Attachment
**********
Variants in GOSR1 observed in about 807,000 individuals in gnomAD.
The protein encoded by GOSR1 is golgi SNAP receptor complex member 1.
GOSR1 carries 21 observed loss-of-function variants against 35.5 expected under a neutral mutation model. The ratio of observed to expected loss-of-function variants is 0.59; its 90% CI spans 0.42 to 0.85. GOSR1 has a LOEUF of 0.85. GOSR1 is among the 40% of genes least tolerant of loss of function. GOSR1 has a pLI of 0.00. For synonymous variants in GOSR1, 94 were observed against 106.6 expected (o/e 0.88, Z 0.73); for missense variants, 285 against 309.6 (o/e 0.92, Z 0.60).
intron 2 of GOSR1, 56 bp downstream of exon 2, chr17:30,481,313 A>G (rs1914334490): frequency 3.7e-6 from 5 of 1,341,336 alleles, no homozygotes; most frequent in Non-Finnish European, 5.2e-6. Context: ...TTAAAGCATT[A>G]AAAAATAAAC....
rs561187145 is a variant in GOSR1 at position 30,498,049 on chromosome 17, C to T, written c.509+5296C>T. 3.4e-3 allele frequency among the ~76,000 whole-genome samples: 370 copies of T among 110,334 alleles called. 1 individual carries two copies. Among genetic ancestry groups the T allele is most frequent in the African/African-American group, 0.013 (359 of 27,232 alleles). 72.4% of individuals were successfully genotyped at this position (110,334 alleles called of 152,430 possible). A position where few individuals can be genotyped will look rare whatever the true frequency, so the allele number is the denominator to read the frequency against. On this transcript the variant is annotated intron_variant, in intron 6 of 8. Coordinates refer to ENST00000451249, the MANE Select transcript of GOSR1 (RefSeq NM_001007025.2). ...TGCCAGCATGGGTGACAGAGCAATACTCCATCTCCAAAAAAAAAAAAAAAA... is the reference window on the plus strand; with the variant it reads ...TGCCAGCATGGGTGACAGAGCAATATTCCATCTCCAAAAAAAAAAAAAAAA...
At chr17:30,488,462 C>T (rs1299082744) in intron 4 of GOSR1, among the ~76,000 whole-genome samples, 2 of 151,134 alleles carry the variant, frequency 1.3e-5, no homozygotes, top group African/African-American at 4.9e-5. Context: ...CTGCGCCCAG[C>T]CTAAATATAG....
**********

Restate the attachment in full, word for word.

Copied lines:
Variants in GOSR1 observed in about 807,000 individuals in gnomAD.
The protein encoded by GOSR1 is golgi SNAP receptor complex member 1.
GOSR1 carries 21 observed loss-of-function variants against 35.5 expected under a neutral mutation model. The ratio of observed to expected loss-of-function variants is 0.59; its 90% CI spans 0.42 to 0.85. GOSR1 has a LOEUF of 0.85. GOSR1 is among the 40% of genes least tolerant of loss of function. GOSR1 has a pLI of 0.00. For synonymous variants in GOSR1, 94 were observed against 106.6 expected (o/e 0.88, Z 0.73); for missense variants, 285 against 309.6 (o/e 0.92, Z 0.60).
intron 2 of GOSR1, 56 bp downstream of exon 2, chr17:30,481,313 A>G (rs1914334490): frequency 3.7e-6 from 5 of 1,341,336 alleles, no homozygotes; most frequent in Non-Finnish European, 5.2e-6. Context: ...TTAAAGCATT[A>G]AAAAATAAAC....
rs561187145 is a variant in GOSR1 at position 30,498,049 on chromosome 17, C to T, written c.509+5296C>T. 3.4e-3 allele frequency among the ~76,000 whole-genome samples: 370 copies of T among 110,334 alleles called. 1 individual carries two copies. Among genetic ancestry groups the T allele is most frequent in the African/African-American group, 0.013 (359 of 27,232 alleles). 72.4% of individuals were successfully genotyped at this position (110,334 alleles called of 152,430 possible). A position where few individuals can be genotyped will look rare whatever the true frequency, so the allele number is the denominator to read the frequency against. On this transcript the variant is annotated intron_variant, in intron 6 of 8. Coordinates refer to ENST00000451249, the MANE Select transcript of GOSR1 (RefSeq NM_001007025.2). ...TGCCAGCATGGGTGACAGAGCAATACTCCATCTCCAAAAAAAAAAAAAAAA... is the reference window on the plus strand; with the variant it reads ...TGCCAGCATGGGTGACAGAGCAATATTCCATCTCCAAAAAAAAAAAAAAAA...
At chr17:30,488,462 C>T (rs1299082744) in intron 4 of GOSR1, among the ~76,000 whole-genome samples, 2 of 151,134 alleles carry the variant, frequency 1.3e-5, no homozygotes, top group African/African-American at 4.9e-5. Context: ...CTGCGCCCAG[C>T]CTAAATATAG....